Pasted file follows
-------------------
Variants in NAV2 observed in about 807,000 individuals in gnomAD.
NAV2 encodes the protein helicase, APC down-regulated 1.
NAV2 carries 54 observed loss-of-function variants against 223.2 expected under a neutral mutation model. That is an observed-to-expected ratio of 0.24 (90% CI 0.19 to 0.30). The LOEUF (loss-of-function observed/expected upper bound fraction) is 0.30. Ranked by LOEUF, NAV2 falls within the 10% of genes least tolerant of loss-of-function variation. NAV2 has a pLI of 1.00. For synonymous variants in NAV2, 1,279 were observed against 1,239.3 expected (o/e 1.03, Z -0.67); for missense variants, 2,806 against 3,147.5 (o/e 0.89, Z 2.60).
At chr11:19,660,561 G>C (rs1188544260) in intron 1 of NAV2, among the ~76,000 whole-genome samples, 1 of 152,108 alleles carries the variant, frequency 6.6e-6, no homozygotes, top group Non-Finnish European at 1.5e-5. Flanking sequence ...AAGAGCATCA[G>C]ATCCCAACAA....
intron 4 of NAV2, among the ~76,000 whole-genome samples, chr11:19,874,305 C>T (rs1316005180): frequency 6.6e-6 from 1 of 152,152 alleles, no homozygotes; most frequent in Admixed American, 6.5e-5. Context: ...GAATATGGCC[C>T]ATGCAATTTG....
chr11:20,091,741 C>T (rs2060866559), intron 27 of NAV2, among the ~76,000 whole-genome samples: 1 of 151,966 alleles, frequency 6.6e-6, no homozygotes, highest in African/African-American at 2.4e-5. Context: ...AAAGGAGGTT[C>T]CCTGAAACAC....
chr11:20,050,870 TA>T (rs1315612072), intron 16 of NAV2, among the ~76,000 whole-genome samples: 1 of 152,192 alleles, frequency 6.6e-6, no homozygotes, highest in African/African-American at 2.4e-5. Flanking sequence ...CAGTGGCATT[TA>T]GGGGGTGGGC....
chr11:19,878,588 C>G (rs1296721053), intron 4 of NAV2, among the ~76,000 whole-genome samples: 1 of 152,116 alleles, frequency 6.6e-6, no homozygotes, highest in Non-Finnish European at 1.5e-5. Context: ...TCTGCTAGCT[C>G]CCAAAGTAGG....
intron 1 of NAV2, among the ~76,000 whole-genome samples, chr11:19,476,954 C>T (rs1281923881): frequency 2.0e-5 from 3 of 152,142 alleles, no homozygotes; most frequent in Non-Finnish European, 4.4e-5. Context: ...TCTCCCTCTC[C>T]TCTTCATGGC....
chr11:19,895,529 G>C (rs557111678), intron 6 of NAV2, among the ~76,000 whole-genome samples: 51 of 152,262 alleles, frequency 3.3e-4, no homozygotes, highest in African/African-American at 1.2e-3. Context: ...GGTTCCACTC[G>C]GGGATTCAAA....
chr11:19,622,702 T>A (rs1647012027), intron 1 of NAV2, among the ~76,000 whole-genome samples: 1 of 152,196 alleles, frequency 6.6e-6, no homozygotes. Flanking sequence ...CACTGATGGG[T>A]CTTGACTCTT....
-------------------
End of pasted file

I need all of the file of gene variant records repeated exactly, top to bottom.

Variants in NAV2 observed in about 807,000 individuals in gnomAD.
NAV2 encodes the protein helicase, APC down-regulated 1.
NAV2 carries 54 observed loss-of-function variants against 223.2 expected under a neutral mutation model. That is an observed-to-expected ratio of 0.24 (90% CI 0.19 to 0.30). The LOEUF (loss-of-function observed/expected upper bound fraction) is 0.30. Ranked by LOEUF, NAV2 falls within the 10% of genes least tolerant of loss-of-function variation. NAV2 has a pLI of 1.00. For synonymous variants in NAV2, 1,279 were observed against 1,239.3 expected (o/e 1.03, Z -0.67); for missense variants, 2,806 against 3,147.5 (o/e 0.89, Z 2.60).
At chr11:19,660,561 G>C (rs1188544260) in intron 1 of NAV2, among the ~76,000 whole-genome samples, 1 of 152,108 alleles carries the variant, frequency 6.6e-6, no homozygotes, top group Non-Finnish European at 1.5e-5. Flanking sequence ...AAGAGCATCA[G>C]ATCCCAACAA....
intron 4 of NAV2, among the ~76,000 whole-genome samples, chr11:19,874,305 C>T (rs1316005180): frequency 6.6e-6 from 1 of 152,152 alleles, no homozygotes; most frequent in Admixed American, 6.5e-5. Context: ...GAATATGGCC[C>T]ATGCAATTTG....
chr11:20,091,741 C>T (rs2060866559), intron 27 of NAV2, among the ~76,000 whole-genome samples: 1 of 151,966 alleles, frequency 6.6e-6, no homozygotes, highest in African/African-American at 2.4e-5. Context: ...AAAGGAGGTT[C>T]CCTGAAACAC....
chr11:20,050,870 TA>T (rs1315612072), intron 16 of NAV2, among the ~76,000 whole-genome samples: 1 of 152,192 alleles, frequency 6.6e-6, no homozygotes, highest in African/African-American at 2.4e-5. Flanking sequence ...CAGTGGCATT[TA>T]GGGGGTGGGC....
chr11:19,878,588 C>G (rs1296721053), intron 4 of NAV2, among the ~76,000 whole-genome samples: 1 of 152,116 alleles, frequency 6.6e-6, no homozygotes, highest in Non-Finnish European at 1.5e-5. Context: ...TCTGCTAGCT[C>G]CCAAAGTAGG....
intron 1 of NAV2, among the ~76,000 whole-genome samples, chr11:19,476,954 C>T (rs1281923881): frequency 2.0e-5 from 3 of 152,142 alleles, no homozygotes; most frequent in Non-Finnish European, 4.4e-5. Context: ...TCTCCCTCTC[C>T]TCTTCATGGC....
chr11:19,895,529 G>C (rs557111678), intron 6 of NAV2, among the ~76,000 whole-genome samples: 51 of 152,262 alleles, frequency 3.3e-4, no homozygotes, highest in African/African-American at 1.2e-3. Context: ...GGTTCCACTC[G>C]GGGATTCAAA....
chr11:19,622,702 T>A (rs1647012027), intron 1 of NAV2, among the ~76,000 whole-genome samples: 1 of 152,196 alleles, frequency 6.6e-6, no homozygotes. Flanking sequence ...CACTGATGGG[T>A]CTTGACTCTT....